And it did not disappoint. First of all, its fun to say. Go ahead, let it roll off the tongue a bit. It almost has a “I am Groot” feel. Zhoug. Secondly, I found this to be just as versatile as the chimichuri, and have enjoyed the zhoug as a dressing alternative, smeared on some pita bread, with eggs, and thus far my favorite combo has been with cauliflower rice and lamb meatballs. Yum-o.

IMG_0409

Cauliflower rice, lamb meatballs, Zhoug, a smattering of pomegranate seeds

I’m not a super spicy fan (I like spicy, just not super spicy) so I only used two jalapenos instead of four, and I did not include the vein or the seeds. I did add in the red chili flakes though. The sauce was a tad bitter right out of the food processor, but after an hour all the flavors melded together in a really great harmony. (Even better the next day) I’m really excited to add this to my sauce repertoire, and glad to have a new food-blog to explore.

Do you have any go-to sauces or weekly meal prep staples? I’d love to hear what they are.

The Awkward Olive Does Lunch: Autumn coleslaw and how to make a dressing without a recipe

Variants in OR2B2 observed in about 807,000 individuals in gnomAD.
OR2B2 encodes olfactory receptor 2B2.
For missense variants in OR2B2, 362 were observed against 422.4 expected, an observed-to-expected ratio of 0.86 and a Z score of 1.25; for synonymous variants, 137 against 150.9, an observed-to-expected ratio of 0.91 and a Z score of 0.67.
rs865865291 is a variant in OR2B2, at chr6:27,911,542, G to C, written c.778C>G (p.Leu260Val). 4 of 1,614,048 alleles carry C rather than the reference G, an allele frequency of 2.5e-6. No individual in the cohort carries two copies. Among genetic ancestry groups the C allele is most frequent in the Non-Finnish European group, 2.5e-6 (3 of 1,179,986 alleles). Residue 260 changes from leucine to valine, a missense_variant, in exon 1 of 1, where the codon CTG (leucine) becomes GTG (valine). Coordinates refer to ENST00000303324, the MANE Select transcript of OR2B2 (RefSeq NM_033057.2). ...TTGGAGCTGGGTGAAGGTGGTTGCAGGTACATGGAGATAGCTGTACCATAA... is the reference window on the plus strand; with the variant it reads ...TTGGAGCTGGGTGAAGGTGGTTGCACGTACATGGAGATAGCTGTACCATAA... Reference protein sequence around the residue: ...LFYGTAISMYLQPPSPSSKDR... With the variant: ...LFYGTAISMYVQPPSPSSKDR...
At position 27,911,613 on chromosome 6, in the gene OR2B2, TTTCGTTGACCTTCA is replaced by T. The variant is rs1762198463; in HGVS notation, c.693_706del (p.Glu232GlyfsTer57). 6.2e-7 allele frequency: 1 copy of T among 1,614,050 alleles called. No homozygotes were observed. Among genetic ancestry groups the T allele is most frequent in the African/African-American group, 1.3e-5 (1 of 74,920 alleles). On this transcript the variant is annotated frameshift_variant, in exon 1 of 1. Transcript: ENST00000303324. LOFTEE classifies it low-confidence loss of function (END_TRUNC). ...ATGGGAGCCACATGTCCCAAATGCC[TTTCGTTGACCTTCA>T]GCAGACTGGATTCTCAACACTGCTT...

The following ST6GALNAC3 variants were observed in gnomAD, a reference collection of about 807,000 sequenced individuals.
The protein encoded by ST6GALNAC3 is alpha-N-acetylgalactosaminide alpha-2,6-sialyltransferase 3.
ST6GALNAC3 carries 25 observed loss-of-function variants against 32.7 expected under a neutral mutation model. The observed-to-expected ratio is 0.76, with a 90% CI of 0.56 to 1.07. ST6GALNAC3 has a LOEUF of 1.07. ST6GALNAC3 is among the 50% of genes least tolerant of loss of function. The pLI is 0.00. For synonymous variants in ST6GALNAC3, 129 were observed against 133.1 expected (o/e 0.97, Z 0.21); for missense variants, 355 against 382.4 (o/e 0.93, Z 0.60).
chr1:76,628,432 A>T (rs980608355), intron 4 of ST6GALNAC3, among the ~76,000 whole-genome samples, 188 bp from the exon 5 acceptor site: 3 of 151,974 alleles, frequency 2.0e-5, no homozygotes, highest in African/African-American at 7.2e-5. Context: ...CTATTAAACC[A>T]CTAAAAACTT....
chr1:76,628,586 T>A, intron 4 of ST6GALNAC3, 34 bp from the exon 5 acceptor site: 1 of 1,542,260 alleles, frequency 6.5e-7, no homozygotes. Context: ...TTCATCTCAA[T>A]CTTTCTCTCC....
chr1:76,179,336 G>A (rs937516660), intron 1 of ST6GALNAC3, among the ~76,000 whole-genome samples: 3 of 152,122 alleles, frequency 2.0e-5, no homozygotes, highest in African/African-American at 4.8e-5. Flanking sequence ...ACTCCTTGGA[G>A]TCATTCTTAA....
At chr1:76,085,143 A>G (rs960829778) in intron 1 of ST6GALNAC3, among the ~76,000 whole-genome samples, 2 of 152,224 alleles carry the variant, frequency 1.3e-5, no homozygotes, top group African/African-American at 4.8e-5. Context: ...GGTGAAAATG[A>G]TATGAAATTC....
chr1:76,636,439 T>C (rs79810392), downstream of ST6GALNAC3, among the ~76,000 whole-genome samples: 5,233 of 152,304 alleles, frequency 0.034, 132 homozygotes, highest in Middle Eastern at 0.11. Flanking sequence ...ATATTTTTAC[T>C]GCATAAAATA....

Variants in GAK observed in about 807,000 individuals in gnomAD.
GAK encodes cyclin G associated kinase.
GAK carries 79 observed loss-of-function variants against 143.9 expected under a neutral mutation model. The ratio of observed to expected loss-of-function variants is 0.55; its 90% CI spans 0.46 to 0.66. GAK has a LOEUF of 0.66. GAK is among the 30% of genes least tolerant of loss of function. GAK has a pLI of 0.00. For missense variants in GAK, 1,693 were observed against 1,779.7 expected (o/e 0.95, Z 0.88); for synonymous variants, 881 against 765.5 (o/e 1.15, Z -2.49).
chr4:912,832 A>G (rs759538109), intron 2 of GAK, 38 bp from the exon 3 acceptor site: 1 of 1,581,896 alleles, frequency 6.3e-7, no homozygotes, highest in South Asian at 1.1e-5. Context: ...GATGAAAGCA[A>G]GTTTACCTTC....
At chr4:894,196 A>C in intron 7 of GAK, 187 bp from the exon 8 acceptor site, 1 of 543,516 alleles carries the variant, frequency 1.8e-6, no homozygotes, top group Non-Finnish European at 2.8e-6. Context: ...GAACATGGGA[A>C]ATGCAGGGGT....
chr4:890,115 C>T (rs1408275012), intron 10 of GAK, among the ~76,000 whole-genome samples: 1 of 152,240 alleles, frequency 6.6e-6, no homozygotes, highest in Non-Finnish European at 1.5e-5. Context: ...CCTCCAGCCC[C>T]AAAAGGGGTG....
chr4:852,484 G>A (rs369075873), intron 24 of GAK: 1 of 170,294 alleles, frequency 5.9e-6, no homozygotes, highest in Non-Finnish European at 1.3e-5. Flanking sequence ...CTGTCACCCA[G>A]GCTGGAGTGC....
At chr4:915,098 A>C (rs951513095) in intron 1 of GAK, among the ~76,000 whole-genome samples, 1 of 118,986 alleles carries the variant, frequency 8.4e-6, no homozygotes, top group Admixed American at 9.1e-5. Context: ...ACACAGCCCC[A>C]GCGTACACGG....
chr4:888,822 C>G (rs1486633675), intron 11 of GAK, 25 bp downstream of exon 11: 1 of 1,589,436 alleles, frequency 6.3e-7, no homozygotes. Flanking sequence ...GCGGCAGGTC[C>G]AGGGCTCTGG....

Last month, one of my best friends got married in Hood River. The day after the wedding a bunch of us gathered for a communal cooking/ pot-luck style dinner on the porch of one of the houses we had rented for the weekend. We chatted, the laughed, we ate, we reminisced, we ate some more.  It was amazing to be able to spend some quality time with some of my closest friends, and it was also really inspiring to see what everyone was cooking.  I know I tend to get stuck in a food rut, always going back to my go-to salads and quinoa dishes, so it was really fun to see what some of my friends had in their culinary repertoire. And the thing I took away with me was this amazing fall slaw.  It’s the perfect transitional salad for this time of year. Cabbage and apples are starting to come into their prime, cooler days (we are going to get those soon, right?) crunchy textures, bright colors… it seems to be the epitome of Autumn in a bowl. the